In this game, let them figure out how they can maximize throughput. They can load-balance if they like. But don’t let anyone be able to do anything equally well. That is not realistic. You could say that those who do the first three roles can help in the roles doing two dots but can only do it at half speed. Before the game starts have a conversation about how the game and roles are like their software development. Ad lib so the game would mirror a real life load-balancing conversation.

I’ve often spent 10-15 minutes before they play discussing what they can do to help those who are stuck. This discussion often mirrors their real-world work – which is great.

The Dot Game – Handout to Participants

Based on the Lean Cup Factory

Players:

  1. Business Analyst
  2. Technical Analyst (Can combine BA and TA if needed)
  3. Designer
  4. UI Developer
  5. Developer
  6. Tester
  7. Project manager (must have a watch with a second hand).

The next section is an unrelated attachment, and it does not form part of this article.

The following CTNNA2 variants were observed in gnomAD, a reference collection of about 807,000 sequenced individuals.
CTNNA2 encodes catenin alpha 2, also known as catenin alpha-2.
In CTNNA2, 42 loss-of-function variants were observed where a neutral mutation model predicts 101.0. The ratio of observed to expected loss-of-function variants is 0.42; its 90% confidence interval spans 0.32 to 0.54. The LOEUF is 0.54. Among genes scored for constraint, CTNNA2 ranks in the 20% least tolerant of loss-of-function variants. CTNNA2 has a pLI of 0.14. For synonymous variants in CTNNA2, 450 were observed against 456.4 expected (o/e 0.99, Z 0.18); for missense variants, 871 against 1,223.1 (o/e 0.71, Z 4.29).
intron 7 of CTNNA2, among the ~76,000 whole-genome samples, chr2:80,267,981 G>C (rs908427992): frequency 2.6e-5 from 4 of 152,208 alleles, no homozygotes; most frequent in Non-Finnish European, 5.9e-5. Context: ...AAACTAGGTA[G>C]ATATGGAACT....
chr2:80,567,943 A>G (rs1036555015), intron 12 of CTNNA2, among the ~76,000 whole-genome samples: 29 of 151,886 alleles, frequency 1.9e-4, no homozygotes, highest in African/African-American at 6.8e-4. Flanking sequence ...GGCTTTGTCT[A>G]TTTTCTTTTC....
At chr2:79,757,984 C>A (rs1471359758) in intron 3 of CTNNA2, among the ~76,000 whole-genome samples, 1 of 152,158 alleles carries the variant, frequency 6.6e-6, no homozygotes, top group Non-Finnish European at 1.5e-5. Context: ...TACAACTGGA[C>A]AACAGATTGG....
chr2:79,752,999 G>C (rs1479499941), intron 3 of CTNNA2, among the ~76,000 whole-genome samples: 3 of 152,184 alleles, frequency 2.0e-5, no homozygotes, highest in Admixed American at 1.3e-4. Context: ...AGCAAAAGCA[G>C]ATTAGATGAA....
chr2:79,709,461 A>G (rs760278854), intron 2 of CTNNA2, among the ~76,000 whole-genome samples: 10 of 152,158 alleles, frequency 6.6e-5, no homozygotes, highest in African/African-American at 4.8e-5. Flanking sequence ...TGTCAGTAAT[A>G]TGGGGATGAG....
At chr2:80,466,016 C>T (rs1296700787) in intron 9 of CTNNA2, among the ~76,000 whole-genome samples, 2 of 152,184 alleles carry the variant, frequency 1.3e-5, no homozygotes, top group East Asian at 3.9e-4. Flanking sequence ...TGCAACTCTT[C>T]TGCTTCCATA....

8. Customer

Round 1:
Push. Strict hand-off, big batches (6), can only do your own work, test last.

Details: Have all the materials on each table, and have each of the “roles”, other than the customer, arranged around the table in a U order (see figure 3).

Figure 3: Roles around the table

Each role’s table has an “in” area and an “out” area. A person can only do work defined by their role, they cannot do the work of another role.

Each role should work as fast as they can. Don’t worry if the person next to you isn’t keeping up.
Also, remember you are working in batches – do 6 at a time and hand off all 6 at the same time.

In round one, the work proceeds as follows:

  1. BA picks 6 post-its and passes them to the tech analyst
  2. Tech analyst puts on the yellow dot
  3. Designer puts on red dot
  4. UI Developer puts on green dots
  5. Developer puts on blue dots
  6. Tester tests – puts in defect area if things don’t look like figure 2.
  7. Project manager times:
    1. Time it takes for first batch to be completed (when gets to customer)
    2. Warns team when there is one minute left
    3. Tells team when time is out (after 5 minutes)
    4. Make sure you don’t stop your watch – most important is timing 5 minutes

After 5 minutes, have the customers say how many of the features are accepted. Have the PM total the following:

  1. # of completed post-its
  2. # of accepted post-its
  3. # of post-its that are in progress (WIP)

Round 2 and Round 3 have no handouts.